From the President department heading
Illustration of John C. Bravman, President
Illustration: Joel Kimmel

Rivers Enrich Our Past, Present and Future

It’s been nearly a year since we marked Bucknell’s 175th anniversary on Feb. 5. Certainly 2021 was one of our University’s most challenging years, as we dealt with the global pandemic’s impact on our operations, managing to offer in-person, on-campus education despite myriad financial and logistical challenges. As I write this in fall 2021, we can only hope that our 176th year will begin on a more even keel.
Inspired by this landmark year, I’ve also been delving into some personal history and came across a photo taken 20 years ago of me standing by Lake Mead, near Las Vegas. The white mineral deposits — or bathtub ring — on the shoreline behind me indicate that the water level was then much higher than it is today, a decline driven by a 20-year drought, human activity and climate change.

According to the National Park Service, Lake Mead’s water level has dropped about 140 feet since I visited. It’s now at 38% of its total storage capacity. Implications are troubling for the declining Colorado River, which feeds the lake reservoir as well as the 40 million people who draw water and electricity from the Colorado River Basin.

One Bucknellian has long been sounding the alarm regarding environmental threats to the Colorado, nicknamed the Nile of America. Jack Schmidt ’72, featured on Page 28, was a political science major who found mentors in our geology and geography faculty. They encouraged him to pursue a career that has led to his standing as a leading authority on fluvial geomorphology, or the study of rivers. His political science classes have also served him well as he navigates the policy dimensions of a drought-afflicted river that serves seven states.

While the plight of the Colorado River makes national headlines, the Susquehanna River’s vitality is also threatened by climate change. The largest commercially non-navigable river in North America is inextricably linked to Bucknell’s past, present and future.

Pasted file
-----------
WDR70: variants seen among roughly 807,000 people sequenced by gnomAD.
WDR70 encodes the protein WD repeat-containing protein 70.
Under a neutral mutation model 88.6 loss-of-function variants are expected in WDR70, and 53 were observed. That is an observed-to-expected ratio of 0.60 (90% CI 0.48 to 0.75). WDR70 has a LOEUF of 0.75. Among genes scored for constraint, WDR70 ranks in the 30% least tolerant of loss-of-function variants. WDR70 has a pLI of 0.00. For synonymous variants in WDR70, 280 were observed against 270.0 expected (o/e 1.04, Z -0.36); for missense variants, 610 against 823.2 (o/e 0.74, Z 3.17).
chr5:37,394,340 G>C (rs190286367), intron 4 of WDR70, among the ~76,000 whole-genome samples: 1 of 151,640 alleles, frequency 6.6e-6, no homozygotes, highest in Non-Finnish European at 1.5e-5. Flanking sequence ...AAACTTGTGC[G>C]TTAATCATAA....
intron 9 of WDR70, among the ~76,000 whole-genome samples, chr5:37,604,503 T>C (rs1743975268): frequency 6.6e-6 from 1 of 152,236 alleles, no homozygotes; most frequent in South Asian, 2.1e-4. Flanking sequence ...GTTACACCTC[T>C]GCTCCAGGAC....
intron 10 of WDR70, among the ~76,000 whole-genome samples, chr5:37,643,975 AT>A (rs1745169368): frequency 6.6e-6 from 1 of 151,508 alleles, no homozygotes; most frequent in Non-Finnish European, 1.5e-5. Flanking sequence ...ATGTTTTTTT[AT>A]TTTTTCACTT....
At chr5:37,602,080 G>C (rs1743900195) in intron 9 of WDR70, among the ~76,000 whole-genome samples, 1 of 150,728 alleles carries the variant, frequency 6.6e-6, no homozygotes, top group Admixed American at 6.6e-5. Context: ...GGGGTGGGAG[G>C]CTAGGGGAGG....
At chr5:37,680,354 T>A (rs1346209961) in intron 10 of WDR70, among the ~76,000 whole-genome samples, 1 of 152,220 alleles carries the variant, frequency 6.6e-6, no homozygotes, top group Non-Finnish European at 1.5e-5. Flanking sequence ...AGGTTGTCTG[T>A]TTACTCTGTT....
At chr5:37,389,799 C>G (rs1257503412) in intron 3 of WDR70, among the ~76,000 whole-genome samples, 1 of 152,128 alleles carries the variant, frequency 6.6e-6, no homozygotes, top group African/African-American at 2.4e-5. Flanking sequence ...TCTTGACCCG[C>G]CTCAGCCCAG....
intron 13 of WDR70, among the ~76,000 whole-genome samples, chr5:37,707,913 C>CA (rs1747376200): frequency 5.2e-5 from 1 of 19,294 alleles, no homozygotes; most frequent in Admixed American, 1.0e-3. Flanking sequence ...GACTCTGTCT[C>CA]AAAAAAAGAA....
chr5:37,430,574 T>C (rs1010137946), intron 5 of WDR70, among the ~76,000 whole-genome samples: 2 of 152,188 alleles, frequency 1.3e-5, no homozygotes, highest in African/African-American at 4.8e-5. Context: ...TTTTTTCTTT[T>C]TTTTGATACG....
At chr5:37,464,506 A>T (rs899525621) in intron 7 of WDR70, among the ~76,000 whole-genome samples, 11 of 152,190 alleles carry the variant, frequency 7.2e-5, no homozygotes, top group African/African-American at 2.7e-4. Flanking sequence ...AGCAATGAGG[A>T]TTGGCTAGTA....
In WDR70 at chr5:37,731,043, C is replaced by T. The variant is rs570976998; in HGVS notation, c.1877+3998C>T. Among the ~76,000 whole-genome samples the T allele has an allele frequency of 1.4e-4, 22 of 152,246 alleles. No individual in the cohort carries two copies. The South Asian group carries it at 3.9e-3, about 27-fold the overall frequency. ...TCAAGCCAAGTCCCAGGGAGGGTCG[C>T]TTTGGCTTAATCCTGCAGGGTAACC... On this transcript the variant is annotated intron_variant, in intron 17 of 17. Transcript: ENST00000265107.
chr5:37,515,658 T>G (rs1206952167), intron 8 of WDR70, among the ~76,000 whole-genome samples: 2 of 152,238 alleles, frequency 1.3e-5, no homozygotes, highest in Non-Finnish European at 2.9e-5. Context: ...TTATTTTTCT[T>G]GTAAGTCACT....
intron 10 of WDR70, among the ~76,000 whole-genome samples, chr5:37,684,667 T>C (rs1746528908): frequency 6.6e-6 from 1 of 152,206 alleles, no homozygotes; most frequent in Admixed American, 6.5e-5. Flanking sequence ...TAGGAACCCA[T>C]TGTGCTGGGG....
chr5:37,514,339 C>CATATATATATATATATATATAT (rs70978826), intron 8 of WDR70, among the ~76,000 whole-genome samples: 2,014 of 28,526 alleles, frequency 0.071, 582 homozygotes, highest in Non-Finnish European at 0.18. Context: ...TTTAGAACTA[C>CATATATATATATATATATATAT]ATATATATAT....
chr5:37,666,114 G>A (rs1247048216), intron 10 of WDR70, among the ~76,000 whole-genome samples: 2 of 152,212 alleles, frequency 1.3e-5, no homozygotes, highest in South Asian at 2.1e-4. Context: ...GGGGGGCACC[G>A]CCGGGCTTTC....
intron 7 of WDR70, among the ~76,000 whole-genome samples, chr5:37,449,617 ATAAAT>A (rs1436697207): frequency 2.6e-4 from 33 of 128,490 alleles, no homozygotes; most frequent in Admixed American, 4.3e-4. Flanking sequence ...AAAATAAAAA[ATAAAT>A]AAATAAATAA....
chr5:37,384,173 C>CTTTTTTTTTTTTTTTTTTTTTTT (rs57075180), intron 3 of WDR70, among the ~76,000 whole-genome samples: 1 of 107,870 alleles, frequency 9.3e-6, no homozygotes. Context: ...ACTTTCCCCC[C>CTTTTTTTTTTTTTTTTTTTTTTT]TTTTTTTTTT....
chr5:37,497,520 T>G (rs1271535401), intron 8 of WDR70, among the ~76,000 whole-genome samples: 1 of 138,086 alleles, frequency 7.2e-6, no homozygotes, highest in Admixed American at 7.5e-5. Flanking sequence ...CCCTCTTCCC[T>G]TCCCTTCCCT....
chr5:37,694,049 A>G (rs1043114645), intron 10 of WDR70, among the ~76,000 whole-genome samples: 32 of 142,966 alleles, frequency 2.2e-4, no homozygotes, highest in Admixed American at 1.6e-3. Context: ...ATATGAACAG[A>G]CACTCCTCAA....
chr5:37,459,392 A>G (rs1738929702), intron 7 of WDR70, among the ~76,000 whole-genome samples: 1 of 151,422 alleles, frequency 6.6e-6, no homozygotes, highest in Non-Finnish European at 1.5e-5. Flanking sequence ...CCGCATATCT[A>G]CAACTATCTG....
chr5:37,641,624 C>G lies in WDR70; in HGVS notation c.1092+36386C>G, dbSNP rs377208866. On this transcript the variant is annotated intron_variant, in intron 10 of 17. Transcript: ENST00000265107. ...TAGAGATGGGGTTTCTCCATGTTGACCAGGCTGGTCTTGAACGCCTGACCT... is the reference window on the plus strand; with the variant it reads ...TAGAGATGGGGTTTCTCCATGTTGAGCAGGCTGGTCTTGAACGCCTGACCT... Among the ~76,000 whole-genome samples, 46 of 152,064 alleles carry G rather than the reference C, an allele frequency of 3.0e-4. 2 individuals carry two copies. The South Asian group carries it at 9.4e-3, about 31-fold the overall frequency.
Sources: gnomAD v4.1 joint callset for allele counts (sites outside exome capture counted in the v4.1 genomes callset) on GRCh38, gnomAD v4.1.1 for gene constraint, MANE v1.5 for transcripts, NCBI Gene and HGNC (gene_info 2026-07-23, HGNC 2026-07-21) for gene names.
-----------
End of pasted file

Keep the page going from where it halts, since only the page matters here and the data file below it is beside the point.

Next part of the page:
From its start near Cooperstown, N.Y., to its end point in the Chesapeake Bay, an estuary of the Atlantic Ocean, the 444-mile river supplies water to 6 million people.

Bucknell faculty have long relied upon it as a living laboratory for students. For at least the last 20 years, our faculty, staff and students have fostered ties through grants with state and federal agencies on projects related to stream restoration, water- quality improvement, and the overall health and resiliency of the Susquehanna.

As just one example, professors and students representing an array of disciplines are creating a long-term record of temperature readings to measure the impact of climate change on the Susquehanna. They’re interested in floods, droughts and temperature changes on the river.

Biology’s Matthew McTammany ’95 uses field-station data to create mathematical models to assess the ability of the river to produce oxygen and respire. Civil & environmental engineering’s Jessica Thomas Newlin ’98 is developing hydraulic and temperature models of the Susquehanna and other large rivers. Her department colleagues, Richard Crago and Matthew Higgins, are devising numerical models of sediment erosion and pollution pathways to inform stream and river restoration projects. In the future, they hope to have some definitive answers about the health of the river and climate change’s impact upon it.

As Jack Schmidt learned in his student days, at Bucknell we know that complex problems are best solved through collaborations among bright minds from a variety of disciplines. It is one of the many reasons Bucknell is still going strong 176 years on.

Copy of John C. Bravman signature

John C. Bravman